<< Back to all Blogs
Login or Create your own free blog
Home > Just booked caterer for DD's Bat Mitzvah

Just booked caterer for DD's Bat Mitzvah

March 22nd, 2007 at 05:26 pm

Well I had an expensive day, but for a good reason. My daughter will become Bat Mitzvah in Sept. 2008. We've already booked the DJ and photographer for the party that will follow the ceremony. Today, we met with the caterer we wanted to use. We know him and his staff well as they frequently cater events at our temple and we have attended many of those affairs.

We spent about an hour discussing menu options and how to structure the evening and ended up giving him a $1,000 deposit to reserve the date. Since he knows us well, he gave us a nice break. Rather than booking us at the 2008 anticipated prices, he booked us at the 2005 prices. So we will be paying $58/adult and $38/child. The bar will be another $3/head if we provide the alcohol or $18/head if he supplies it. That would bring the total to $76/head. Not bad when you consider that our wedding in 1992 was $72/head. And I know I'll get the alcohol myself and save a few hundred dollars.

Yes, we've had money put aside for this for years. I've got $25,000 earmarked for the affair though I'm hoping we don't need all of it.

6 Responses to “Just booked caterer for DD's Bat Mitzvah”

  1. Joan.of.the.Arch Says:

    Quick! Grow your own grapes and make your own wine!

    I'm putting in grape vines this year. ;-)

  2. livingalmostlarge Says:

    Holy cow. Now I can only guess what a really good of friend's bar mitzvah costs. His was at a super fancy hotel with 200+ guests. You're spending more than I did on a wedding in hawaii. Now I don't feel so bad spending so much! Thanks. Have a super day, those memories are with you forever, treasure them.

    Last family photo I have of my grandpa before he died in January was our wedding. Smile Actually my friend with the bar mitzvah, his grandpa died shortly after as well because I recall seeing his gorgeous photo album of the event.

  3. moneycents Says:

    Mazel tov!

  4. Sharon Says:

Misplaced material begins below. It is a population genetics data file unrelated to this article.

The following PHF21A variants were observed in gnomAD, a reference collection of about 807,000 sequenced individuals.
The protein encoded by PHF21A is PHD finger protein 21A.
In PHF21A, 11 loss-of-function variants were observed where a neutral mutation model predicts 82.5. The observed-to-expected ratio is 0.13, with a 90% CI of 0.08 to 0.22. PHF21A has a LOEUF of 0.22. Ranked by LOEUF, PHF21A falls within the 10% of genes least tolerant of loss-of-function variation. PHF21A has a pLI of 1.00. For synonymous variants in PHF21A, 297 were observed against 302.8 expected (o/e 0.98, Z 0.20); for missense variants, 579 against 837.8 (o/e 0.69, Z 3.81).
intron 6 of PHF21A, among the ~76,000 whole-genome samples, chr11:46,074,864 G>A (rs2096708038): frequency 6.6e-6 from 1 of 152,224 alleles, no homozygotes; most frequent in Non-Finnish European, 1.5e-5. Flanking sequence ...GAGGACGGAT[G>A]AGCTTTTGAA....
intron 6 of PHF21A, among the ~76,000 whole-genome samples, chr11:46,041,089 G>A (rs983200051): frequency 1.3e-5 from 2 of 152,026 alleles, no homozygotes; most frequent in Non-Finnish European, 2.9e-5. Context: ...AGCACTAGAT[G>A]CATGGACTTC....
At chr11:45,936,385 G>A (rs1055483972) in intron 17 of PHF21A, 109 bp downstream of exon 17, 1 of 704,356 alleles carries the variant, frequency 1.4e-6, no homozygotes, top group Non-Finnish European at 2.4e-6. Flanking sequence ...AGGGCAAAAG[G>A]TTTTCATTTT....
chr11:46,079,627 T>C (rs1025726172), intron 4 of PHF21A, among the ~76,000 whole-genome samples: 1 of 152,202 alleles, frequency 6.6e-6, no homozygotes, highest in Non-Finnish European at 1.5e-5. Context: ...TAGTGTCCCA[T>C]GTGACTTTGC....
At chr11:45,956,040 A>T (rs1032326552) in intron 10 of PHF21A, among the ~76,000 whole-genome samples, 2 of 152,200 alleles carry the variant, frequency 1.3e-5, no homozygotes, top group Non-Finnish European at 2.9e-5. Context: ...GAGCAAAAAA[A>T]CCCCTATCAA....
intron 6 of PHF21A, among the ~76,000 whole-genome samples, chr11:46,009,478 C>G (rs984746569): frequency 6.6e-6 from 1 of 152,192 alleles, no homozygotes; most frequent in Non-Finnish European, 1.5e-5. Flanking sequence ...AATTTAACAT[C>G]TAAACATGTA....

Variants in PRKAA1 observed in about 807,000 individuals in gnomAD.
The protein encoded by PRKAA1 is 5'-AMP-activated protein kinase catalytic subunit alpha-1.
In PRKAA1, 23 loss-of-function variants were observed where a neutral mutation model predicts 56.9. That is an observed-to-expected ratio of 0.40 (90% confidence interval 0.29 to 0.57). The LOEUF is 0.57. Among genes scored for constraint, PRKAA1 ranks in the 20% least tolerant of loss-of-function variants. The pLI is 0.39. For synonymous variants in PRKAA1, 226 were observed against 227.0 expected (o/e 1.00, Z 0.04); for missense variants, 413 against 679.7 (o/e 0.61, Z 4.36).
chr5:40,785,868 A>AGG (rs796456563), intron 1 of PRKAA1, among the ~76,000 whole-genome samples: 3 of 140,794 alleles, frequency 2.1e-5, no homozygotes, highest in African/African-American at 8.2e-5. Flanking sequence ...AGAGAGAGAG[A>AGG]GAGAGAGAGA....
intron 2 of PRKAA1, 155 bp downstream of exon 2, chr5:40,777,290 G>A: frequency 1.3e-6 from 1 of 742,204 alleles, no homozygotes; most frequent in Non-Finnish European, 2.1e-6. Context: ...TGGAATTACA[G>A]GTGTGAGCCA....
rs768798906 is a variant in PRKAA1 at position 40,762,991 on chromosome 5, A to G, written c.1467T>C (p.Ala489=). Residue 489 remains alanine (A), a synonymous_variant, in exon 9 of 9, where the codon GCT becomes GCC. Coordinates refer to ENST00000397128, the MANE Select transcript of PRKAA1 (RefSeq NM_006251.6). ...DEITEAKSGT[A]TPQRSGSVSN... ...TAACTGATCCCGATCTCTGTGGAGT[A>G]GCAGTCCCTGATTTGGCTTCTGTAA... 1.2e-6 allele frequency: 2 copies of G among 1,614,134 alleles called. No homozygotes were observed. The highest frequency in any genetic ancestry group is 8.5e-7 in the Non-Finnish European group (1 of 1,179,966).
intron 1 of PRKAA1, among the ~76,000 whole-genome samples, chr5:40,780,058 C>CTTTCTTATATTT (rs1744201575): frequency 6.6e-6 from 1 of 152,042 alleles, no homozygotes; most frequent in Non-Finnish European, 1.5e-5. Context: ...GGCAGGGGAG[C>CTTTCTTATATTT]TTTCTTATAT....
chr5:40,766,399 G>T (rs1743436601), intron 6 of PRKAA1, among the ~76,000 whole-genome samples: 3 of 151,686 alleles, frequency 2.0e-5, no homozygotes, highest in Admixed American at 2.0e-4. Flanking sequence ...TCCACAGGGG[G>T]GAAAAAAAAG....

First of all, Mazal Tov, second of all, have you lost your mind? $25,000 for a one time Bat Mitzvah? And you, being frugal? How did the trolly get so far off the track? What kind of message are you sending your daughter? A Bat Mitvah is a rite of passage, not an obligation to spend a year of college tuition in one day. My son's BM will be in '08 also and I will be spending about $6000 and am feverishly looking for ways to cut that cost. It's ridiculous. Who are you trying to keep up with: your daughter, her friends, the neighbors, the Steins? If you spend that kind of money (having it is irrelevant), you will be undoing 2 generations of frugality. Do you realize that for 1/2 of that you could feed a whole lot of hungry people for a long, long time (I'm not talking about the fressers on the buffet line)? How about making a nice donation to a soup kitchen in your daughter's honor, better yet, have her volunteer in one for her community service project and still scale back the Bat Mitzvah. With some ingenuity you can make a lovely reception for considably less. We are having the reception as a brunch/luncheon right after the service. No alcohol will be served, cutting the cost a lot and sending the positive message to my son that grownups do not have to be liquored up to have fun. I will make the centerpieces myself and am having just one DJ. I will also make my own invitations and have disposible cameras at the table instead of a costly photographer. One of my friends will do the video. I'm sure you can think of some other ideas, as well. The Bar/Bat Mitzvah has gotten out of hand and the point of it has been lost. There are whole industries making a fortune on this. It's not right. I beseech you to reconsider; it doesn't have to be that way. Good Luck!